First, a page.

Battle-ready beats: Scoring the world of Warhammer 40,000

Consistency is key when building a science fiction universe. None more so than Warhammer 40K, though, where it continues to evolve and expand into multiple mediums. Games Workshop’s fantasy magnum opus may have started out as a war miniatures game played on tabletop, but it didn’t take long for its space military stylings to also invade books, films, and of course, video games; It hasn’t really stopped since 40K was first dreamed up in 1987.

Having an extensive home setup came in handy during the pandemic, when much of the Daemonhunters score was composed.

But how do you maintain the property’s consistency in all these facets, ensuring that every new series instalment is in keeping with the established tone and (perhaps more importantly) what your fan base has come to expect? Well, when it comes to sound at least, it helps to have an experienced ear you can always rely on.

Doyle W. Donehoo is just one of the composers who’s had a hand in creating the soundtracks for Warhammer 40K video games over the years, following in the footsteps of Jeremy Soule, Inon Zur, and others to bring new ideas to this human-versus-alien conflict set in the distant future. You only need listen to his work on Warhammer 40,000: Chaos Gate – Daemonhunters, the latest XCOM-style reboot of the 1998 PC game of the same name, to see how much music can contribute to the drama of a turn-based action title. Unsurprisingly, Donehoo finds that it helps to have an eclectic mix of genre inspirations and influences, something that dates back to his childhood days.

“I listened to music from the time of my very first memories,” says Donehoo on the origins of his musical interest, which began in the unlikeliest of places… “Church music, marching band music, musicals and more.” It wasn’t until later in his teens, however, that the future video game composer discovered blues, hard rock, heavy metal, and progressive music, all of which kicked off his fascination with how music and tech could combine. “I began the study of digital logic and programming languages,” he says, “and became a senior software engineer and project manager, and during that time I created my own MIDI data editor and sequencer and recorded a prog rock LP with it. Eventually, as the technology matured enough around 2000, I decided to become a professional composer full-time.”


The plan wasn’t always to specialise in video games necessarily, but where else would there be a need for a unique blend of traditional instrumentation alongside the more experimental techniques Donehoo was interested in? By this point, the world of Warhammer 40K had already ventured into the interactive space with Space Crusade for the Amiga, MS-DOS, and ZX Spectrum in 1992, providing a faithful translation of the board game. It was well received, even going so far as to have a dedicated composer in Barry Leitch – not always a guarantee in the video game world at the time.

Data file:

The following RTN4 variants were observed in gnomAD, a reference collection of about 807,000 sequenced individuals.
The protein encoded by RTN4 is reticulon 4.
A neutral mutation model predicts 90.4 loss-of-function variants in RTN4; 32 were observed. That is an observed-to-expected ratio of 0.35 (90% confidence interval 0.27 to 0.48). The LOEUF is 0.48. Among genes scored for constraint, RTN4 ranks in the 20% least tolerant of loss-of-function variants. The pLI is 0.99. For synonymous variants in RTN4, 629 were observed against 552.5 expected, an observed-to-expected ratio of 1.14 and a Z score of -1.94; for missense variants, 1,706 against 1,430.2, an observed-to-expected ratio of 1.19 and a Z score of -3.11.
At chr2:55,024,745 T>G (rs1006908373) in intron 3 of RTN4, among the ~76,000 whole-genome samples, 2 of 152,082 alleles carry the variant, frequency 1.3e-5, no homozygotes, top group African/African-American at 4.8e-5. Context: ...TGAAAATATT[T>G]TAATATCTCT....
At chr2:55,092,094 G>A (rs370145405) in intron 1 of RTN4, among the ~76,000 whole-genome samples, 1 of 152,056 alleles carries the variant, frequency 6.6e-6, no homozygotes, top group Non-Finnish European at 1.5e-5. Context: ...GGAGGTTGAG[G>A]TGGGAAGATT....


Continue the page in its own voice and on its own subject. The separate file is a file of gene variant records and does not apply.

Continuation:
Despite being a reboot of the original Chaos Gate from 1998, Daemonhunters features an all-new soundtrack to match the all-new visuals.

It was the 40K game that released just a year later, however, that would capture Donehoo’s attention as a fan of music, as well as games played on tabletop, PC, and console. “I’ve played war-games all my life, starting with Risk,” he reveals. “I have been playing video games since the days of DOOM. There is a very old Warhammer video game called Space Hulk that introduced me to the Warhammer world, but that was way before I really got involved.”


Donehoo’s affiliation with Warhammer 40K proper began way back during E3 2003. Having already established himself as a full-time composer on games such as Sniper: Path of Vengeance and Black Stone: Magic & Steel, he travelled to the industry event in the hope of setting his sights on something bigger.

Recalling his love for Space Hulk on MS-DOS, Donehoo was delighted to see developer Relic Entertainment exhibiting a new spin-off from a certain tabletop sci-fi franchise.

“I was attending the convention and I saw a very cool rolling demo of Warhammer 40,000: Dawn of War, and I was blown away,” Donehoo explains. Instantly, he could see that this RTS focused on a squadron of military space marines fighting a future war was something he could sink his teeth into.

“[It] was a game that was made for me to score, as it was perfect for what I wanted to do,” he says. “I gave Relic my card, my demo, and probably too much of my chatter. The game probably didn’t come out for another year, and there were sequels. But I kept sending them emails and demos, and meanwhile scored a few non-Warhammer games to sharpen my skills.”

Space Hulk: Deathwing is the first and only Warhammer FPS game Donehoo scored, for which he partnered with fellow composer Jonathan Cacherat.

The first Dawn of War, scored by Jeremy Soule, was a roaring success for Relic and publisher THQ, and managed to capitalise on the PC real-time strategy boom that was occurring in the early 2000s. Three expansion packs – Winter Assault, Dark Crusade, and Soulstorm – followed, making the prospect of Donehoo getting his foot in the door increasingly less likely. When the prospect of a full sequel arrived, however, it turned out the budding composer’s persistence (alongside the passion he showed at that initial E3 meeting) had paid off. “Finally, they allowed me to audition for Dawn of War II,” he recalls. “They sent me some videos and artwork, and in return I buried them in music. So, I got the job.”

Donehoo was already a massive fan of the original Dawn of War by the time he got the gig, playing each one of those expansions and fully engrossing himself in Soule’s score. As a result, Relic would have been hard-pressed to find anyone more suitable to step into the role of composer. Released for PC in 2009, Dawn of War II, like most sequels, was intended to be bigger and better in every way, and it wasn’t lost on Donehoo just how much the score had to reflect that.